7 Replies Latest reply on Jan 27, 2014 7:48 AM by sinious

    Debugging on ipad via usb


      Debugging on ipad via usb: sometimes works, sometimes not; any help on causality would be welcomed.

        • 1. Re: Debugging on ipad via usb
          sinious Most Valuable Participant

          Which version of Flash?


          I've had it unable to communicate with my iPads (1/2/3/4/AIR/Retina Mini) tons of times. It always ends up working eventually. I either disconnect/reconnect the iPad or restart Flash Pro or Flash Builder. After that it will work fine for a while.


          If you're on OS7, when you connect, be sure to catch the dialog to 'trust' the computer.


          I don't think there's any fix for this outside restarting things. iTunes always sees my tablets just fine, it's just Flash that sometimes has a hard time. Just the sheer fact FB can install the IPA on the device for me so all I need to do is touch it to launch makes me happy. I'm willing to put up with the hassle for that .


          Just to clarify, this only happens to me after lots and lots of quick code tweaks, publishing rapidly while testing. If there is a decent duration between tests it almost never happens. That's my only lead. Sort of a self defense mechanism from syncing too often.

          • 2. Re: Debugging on ipad via usb
            Huwjonesy Level 1

            Thanks for the reply - it's nice to know somebody else has been having same probs. Just a few details to see how similar problem is: Flash Pro CC, Air 3.8 on an ipad4, so all up to date on the software side at least. What happens is that around 50% of the time the install takes place and debugging commences, all quite quickly (in interpreter mode). Other times, the app is installed on the device but app and flash don't want to talk: message on device: "Adobe Air: Waiting for Connection", output panel on Flash says "Waiting for Player to connect" - if only it would...!

            If you cancel the message on the device you can go ahead and use the app, but with no output back to Flash.

            Anyway, thanks for the suggestions and if any thing else springs to mind let me know - I'll do likewise if I find anything.


            I gather by the way that the packaging / installing can be done from the command line - but I'd rather avoid the details of that - I just want to be able to click a button and it works - too much to ask?!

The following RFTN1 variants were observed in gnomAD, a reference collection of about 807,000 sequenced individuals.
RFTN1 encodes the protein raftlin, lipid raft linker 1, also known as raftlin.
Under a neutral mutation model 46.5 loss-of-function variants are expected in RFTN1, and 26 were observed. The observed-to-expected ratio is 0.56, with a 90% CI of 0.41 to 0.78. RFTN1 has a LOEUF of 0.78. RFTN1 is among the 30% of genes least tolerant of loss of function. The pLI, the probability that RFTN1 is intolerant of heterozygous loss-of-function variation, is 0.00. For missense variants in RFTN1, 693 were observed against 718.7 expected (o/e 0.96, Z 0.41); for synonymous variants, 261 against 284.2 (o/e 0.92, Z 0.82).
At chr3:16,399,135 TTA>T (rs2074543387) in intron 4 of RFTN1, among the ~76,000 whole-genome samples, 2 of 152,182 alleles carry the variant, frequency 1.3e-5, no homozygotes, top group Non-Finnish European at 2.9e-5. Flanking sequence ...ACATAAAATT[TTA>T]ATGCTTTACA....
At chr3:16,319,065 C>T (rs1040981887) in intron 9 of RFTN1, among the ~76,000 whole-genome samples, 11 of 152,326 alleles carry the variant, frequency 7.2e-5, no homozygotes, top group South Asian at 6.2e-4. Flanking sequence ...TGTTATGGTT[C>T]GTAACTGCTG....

• 3. Re: Debugging on ipad via usb
              sinious Most Valuable Participant

              Well there's where you missed a couple steps. 3.9 introduced a bit more compatibility with OS7 that ended half my issues connecting with the new RSA fingerprint transmission. However we're now on SDK 4.0, even beyond that.


              Download AIR SDK 4.0 here:



              Download and extract the contents either where you globally have your SDK or the typical, inside your Flash CC folder (I keep the AIR#.# convention). In Flash CC hit Help->Manage AIR SDK and add a new SDK in there, pointing toward the folder you extract the SDK to.


              If Flash Pro doesn't do it for you, open your app config and adjust the SDK version from 3.8 to 4.0 at the top of the XML file.


              You can always see what's new in each version (a lot since 3.8) here:



              That said, don't forget to update Flash Player to 12.0.

              • 4. Re: Debugging on ipad via usb
                Huwjonesy Level 1

                Right, I'll try the updates. I assumed that because the version of Flash Professional was up to date, it would have the latest versions of Air etc with it; the most recent it offers being 3.8. Thanks for the advice.

                • 5. Re: Debugging on ipad via usb
                  sinious Most Valuable Participant

                  That has yet to be an integrated automation. Previously it was quite a bit more work to update the AIR SDK, now it's merely extracting files and pointing to a location. It's getting easier..


                  AIR 4.0 has a new packager which is said to be 10x faster. It also has this possibly relevant bug fix/enhancements:


                  [3635356] compiling in "ipa-debug-interpreter" mode results in PackageExtractionFailed

                  [3667964] Improve error message when app update fails due to certificate issues